Identification of chronic thromboembolic pulmonary hypertension on standard computed tomography pulmonary angiography for suspected acute pulmonary embolism

F. A. Klok, L. J. Meijboom, L. J. M. Kroft, L. F. M. Beenen, G. J. A. M. Boon, S. Middeldorp, M. V. Huisman, H. J. Bogaard, A. Vonk Noordegraaf, Y. M. Ende-Verhaar

Research output: Contribution to journalMeeting AbstractAcademic


Background: Chronic thromboembolic pulmonary hypertension (CTEPH) is often diagnosed after a long delay, even though signs of CTEPH may already be present on the computed tomography pulmonary angiogram (CTPA) used to diagnose a preceding acute pulmonary embolism (PE). Diagnostic delay may be associated with worse prognosis. In this study we evaluated the diagnostic accuracy of extensive CTPA reading for predicting a future CTEPH diagnosis after acute PE. Method(s): Three expert radiologists scored radiological signs of CTEPH on CTPA performed for suspected acute PE in 50 PE patients who were subsequently diagnosed with CTEPH during follow-up with right heart catheterisation ("cases"), and in 50 PE patients, in whom sequential echocardiograms performed >2 years after the acute PE diagnosis had not shown any signs of pulmonary hypertension ("controls"). Cases and controls were matched on RV-to-LV ratio on baseline CTPA. Sensitivity and specificity of expert CTPA reading for predicting future CTEPH was calculated, and best predicting radiological parameters were identified by conditional backward multivariate analysis. Result(s): 75% of cases had signs of acute PE and 94% signs of chronic PE and/or PH. The overall expert adjudication yielded a sensitivity of 72% (95% CI 58-84%) and a specificity of 94% (95% CI 83-99%) for a future CTEPH diagnosis. We identified six objective, independent radiological predictors of CTEPH: intravascular webs, pulmonary artery retraction or dilatation, bronchial artery dilatation, right ventricle hypertrophy and interventricular septum flattening (Figure 1). The presence of >=3 of these parameters was associated with a sensitivity of 70% (95% CI 55-82%), a specificity of 96% (95% CI 86-100%) and a c-statistic of 0.92. Conclusion(s): In our cohort, expert radiologists identified 36 out of 50 PE patients with a future CTEPH diagnosis. The most probable explanation is that most of them already had CTEPH at the moment of the PE diagnosis. Our findings support the hypothesis that dedicated CTPA reading in patients with confirmed PE may lead to faster CTEPH diagnosis.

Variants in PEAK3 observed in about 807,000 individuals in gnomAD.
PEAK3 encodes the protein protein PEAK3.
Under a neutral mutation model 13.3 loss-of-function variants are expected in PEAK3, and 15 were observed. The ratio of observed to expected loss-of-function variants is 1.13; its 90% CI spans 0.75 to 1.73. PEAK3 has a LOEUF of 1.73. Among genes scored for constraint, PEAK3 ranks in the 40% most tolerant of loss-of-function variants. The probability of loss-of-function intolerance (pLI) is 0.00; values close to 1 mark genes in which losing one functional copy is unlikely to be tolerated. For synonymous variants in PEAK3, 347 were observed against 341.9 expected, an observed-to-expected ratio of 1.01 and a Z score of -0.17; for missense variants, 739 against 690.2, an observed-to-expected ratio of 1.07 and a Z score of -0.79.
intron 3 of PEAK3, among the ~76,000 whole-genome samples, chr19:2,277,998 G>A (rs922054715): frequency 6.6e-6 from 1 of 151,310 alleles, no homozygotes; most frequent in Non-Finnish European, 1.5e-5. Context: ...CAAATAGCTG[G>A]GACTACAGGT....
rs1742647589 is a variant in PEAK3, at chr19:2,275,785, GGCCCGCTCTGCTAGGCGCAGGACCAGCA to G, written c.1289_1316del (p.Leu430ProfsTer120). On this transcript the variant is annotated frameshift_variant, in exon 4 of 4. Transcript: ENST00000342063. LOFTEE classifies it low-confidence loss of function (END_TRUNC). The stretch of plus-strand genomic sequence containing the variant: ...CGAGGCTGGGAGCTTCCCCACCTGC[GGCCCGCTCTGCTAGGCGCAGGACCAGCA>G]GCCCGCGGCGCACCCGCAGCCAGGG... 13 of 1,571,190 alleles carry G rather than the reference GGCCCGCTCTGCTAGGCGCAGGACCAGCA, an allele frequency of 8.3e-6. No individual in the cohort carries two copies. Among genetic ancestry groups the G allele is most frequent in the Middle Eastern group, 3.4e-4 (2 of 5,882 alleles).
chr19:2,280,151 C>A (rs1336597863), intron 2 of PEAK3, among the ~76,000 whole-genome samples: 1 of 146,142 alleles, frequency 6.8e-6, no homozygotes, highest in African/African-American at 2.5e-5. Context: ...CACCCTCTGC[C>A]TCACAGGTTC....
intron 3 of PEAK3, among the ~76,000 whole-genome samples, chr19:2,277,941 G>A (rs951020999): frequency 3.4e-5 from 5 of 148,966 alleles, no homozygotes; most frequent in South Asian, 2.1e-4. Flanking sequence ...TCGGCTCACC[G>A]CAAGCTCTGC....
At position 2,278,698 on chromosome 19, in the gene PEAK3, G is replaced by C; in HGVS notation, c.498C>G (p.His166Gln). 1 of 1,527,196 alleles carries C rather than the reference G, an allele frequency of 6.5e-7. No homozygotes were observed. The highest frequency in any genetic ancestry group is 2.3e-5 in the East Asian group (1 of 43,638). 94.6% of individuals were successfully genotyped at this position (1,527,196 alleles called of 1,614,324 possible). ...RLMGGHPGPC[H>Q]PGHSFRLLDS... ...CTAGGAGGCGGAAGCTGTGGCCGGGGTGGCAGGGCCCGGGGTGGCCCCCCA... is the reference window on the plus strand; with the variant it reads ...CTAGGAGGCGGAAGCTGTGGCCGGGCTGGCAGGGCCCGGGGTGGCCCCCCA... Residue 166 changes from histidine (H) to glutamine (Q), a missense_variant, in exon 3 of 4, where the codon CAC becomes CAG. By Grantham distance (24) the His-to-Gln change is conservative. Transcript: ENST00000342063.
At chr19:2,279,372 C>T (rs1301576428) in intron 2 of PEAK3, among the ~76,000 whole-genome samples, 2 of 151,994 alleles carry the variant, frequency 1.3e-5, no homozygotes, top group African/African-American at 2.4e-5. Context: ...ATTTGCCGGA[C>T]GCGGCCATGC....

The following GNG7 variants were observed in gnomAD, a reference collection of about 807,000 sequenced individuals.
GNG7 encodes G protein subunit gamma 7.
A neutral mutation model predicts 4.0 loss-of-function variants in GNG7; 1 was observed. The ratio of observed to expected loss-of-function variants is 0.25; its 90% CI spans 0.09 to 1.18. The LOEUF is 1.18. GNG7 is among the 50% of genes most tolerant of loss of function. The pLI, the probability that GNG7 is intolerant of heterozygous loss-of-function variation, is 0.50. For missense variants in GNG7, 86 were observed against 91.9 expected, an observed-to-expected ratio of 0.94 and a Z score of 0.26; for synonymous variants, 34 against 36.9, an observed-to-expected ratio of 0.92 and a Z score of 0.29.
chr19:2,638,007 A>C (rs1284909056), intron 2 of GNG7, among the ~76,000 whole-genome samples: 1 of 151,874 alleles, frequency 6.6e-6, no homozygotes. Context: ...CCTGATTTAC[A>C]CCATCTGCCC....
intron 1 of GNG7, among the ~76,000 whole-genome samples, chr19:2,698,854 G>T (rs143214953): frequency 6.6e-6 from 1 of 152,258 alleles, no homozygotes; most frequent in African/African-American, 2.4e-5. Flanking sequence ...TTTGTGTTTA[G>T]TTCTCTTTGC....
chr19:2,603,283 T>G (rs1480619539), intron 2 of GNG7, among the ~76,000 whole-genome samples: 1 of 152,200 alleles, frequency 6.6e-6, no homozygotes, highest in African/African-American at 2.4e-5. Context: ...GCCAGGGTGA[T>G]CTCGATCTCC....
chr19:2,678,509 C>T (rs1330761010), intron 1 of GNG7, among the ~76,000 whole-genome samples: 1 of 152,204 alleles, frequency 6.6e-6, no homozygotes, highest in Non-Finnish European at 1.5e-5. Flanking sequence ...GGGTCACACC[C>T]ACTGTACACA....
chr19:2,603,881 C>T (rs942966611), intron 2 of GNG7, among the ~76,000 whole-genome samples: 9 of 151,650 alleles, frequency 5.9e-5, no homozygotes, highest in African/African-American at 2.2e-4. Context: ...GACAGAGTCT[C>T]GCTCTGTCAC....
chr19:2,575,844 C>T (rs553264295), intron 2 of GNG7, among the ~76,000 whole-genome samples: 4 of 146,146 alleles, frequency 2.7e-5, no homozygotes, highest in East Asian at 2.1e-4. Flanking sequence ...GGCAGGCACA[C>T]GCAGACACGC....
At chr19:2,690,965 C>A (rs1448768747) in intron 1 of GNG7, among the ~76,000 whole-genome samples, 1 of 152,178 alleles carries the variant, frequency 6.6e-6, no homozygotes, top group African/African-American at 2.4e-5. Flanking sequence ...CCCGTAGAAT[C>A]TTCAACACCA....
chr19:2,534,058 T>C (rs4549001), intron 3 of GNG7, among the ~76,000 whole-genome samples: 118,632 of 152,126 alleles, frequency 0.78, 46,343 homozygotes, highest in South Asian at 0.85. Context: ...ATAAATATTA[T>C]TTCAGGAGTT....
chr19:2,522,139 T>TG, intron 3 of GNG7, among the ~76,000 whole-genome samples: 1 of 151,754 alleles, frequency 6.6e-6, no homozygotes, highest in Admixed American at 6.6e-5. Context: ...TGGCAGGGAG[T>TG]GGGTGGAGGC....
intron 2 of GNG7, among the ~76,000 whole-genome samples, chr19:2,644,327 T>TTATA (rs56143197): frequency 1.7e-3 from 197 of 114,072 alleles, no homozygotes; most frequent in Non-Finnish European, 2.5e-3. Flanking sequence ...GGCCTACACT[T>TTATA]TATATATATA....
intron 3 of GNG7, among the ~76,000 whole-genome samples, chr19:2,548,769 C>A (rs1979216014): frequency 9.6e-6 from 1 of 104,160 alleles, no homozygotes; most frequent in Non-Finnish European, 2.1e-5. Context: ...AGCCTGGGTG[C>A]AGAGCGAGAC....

Original languageEnglish
Pages (from-to)319-319
JournalEuropean Heart journal
Issue numbersuppl_1
Publication statusPublished - 1 Aug 2018

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